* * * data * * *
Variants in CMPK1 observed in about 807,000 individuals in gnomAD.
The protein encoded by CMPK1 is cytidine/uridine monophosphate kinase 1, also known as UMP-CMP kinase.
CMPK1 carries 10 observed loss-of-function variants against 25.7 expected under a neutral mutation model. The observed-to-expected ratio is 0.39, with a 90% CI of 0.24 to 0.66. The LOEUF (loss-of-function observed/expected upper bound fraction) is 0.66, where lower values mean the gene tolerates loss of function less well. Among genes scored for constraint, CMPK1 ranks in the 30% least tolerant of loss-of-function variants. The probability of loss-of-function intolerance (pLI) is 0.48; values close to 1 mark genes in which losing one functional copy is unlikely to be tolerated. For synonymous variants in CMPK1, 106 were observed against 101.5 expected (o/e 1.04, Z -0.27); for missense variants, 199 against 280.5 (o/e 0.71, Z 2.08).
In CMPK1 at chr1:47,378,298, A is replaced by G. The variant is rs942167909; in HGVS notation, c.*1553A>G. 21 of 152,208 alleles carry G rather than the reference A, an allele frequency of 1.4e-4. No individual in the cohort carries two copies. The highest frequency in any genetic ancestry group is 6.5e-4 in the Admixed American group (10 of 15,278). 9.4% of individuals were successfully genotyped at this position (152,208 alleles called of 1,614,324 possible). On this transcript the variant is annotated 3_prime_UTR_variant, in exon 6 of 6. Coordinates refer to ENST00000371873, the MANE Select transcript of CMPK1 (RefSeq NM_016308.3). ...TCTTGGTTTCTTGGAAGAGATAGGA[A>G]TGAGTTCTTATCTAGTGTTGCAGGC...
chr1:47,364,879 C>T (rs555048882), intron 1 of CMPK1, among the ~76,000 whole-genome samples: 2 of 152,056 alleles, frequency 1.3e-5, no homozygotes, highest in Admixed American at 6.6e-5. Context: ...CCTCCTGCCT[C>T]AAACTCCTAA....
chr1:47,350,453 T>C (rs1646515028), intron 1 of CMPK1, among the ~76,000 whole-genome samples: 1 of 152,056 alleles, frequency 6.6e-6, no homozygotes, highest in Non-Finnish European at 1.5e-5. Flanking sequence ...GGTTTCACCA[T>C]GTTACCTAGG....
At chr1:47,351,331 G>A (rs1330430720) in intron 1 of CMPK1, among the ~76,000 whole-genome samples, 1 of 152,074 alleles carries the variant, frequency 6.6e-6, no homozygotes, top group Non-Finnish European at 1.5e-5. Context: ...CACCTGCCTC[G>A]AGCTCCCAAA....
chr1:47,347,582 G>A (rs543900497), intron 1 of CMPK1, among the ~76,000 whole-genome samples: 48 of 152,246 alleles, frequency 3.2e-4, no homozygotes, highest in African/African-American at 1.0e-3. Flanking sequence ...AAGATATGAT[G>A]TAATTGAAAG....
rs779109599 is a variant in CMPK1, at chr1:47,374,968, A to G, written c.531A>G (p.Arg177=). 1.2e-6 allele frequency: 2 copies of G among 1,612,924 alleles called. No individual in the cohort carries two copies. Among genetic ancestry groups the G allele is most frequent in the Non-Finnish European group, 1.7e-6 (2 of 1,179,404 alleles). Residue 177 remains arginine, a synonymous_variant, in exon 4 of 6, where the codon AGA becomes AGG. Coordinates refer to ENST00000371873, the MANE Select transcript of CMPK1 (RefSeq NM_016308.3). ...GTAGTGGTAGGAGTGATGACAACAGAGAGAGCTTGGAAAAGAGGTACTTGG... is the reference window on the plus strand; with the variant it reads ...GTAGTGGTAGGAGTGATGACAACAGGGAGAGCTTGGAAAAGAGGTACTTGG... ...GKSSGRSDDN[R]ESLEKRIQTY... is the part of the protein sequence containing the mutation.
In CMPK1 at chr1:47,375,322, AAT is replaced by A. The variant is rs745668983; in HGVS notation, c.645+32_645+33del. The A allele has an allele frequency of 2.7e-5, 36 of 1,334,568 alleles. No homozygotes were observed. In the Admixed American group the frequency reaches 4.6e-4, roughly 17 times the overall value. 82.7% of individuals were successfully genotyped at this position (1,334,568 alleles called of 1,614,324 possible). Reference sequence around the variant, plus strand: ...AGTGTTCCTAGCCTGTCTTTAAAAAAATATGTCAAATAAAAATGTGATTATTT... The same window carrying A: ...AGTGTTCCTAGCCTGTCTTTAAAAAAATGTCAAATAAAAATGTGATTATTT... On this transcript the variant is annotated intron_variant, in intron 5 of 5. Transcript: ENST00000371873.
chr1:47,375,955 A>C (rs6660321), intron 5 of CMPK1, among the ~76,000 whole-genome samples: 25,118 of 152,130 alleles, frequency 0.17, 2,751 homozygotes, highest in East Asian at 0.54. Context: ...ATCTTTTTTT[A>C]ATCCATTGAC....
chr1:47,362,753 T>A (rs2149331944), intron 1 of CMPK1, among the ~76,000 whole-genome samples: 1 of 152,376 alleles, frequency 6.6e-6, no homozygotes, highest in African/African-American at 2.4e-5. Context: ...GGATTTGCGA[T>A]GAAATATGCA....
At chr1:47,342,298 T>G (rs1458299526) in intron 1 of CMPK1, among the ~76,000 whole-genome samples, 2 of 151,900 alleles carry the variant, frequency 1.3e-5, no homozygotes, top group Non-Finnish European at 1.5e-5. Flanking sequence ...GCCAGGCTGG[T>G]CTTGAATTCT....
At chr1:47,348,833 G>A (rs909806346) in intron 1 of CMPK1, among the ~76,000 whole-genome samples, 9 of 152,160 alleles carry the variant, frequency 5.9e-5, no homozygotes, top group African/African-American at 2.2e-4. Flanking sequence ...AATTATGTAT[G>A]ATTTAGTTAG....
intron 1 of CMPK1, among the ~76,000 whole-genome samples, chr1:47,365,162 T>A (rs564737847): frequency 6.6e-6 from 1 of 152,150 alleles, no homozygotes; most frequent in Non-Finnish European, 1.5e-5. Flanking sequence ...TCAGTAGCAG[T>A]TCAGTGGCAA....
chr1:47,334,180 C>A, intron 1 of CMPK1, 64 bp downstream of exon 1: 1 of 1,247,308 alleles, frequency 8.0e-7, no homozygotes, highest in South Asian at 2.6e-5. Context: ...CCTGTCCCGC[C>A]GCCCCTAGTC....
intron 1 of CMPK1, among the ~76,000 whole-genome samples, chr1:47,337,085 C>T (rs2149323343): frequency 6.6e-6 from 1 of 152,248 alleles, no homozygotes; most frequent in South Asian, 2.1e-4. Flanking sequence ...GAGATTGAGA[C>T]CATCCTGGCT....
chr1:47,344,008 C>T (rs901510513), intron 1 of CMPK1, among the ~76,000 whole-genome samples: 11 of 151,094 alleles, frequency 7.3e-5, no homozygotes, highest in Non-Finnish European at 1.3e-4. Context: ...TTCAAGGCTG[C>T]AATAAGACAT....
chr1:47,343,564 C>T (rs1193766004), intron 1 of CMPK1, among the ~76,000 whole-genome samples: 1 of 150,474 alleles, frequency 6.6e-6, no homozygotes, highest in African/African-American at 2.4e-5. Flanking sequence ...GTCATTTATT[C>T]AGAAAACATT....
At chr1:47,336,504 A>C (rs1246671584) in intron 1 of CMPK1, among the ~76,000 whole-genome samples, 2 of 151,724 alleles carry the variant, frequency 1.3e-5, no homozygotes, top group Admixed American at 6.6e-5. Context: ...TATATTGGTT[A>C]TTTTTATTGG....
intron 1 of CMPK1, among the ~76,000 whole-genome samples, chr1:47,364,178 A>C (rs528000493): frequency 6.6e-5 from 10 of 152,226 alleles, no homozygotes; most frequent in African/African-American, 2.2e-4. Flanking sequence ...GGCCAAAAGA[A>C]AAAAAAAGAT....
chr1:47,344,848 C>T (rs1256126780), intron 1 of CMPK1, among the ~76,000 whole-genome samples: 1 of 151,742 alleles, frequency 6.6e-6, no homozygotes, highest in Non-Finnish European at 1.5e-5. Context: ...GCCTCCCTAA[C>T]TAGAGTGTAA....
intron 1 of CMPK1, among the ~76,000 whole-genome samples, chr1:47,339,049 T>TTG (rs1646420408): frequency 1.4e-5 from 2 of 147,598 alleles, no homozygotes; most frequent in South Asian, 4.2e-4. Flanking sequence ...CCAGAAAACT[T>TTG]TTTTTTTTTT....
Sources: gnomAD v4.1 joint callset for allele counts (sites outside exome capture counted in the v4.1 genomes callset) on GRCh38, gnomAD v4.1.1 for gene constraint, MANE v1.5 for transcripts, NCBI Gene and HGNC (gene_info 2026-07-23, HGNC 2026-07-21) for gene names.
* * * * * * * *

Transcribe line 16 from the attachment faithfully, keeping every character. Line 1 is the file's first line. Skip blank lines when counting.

chr1:47,334,180 C>A, intron 1 of CMPK1, 64 bp downstream of exon 1: 1 of 1,247,308 alleles, frequency 8.0e-7, no homozygotes, highest in South Asian at 2.6e-5. Context: ...CCTGTCCCGC[C>A]GCCCCTAGTC....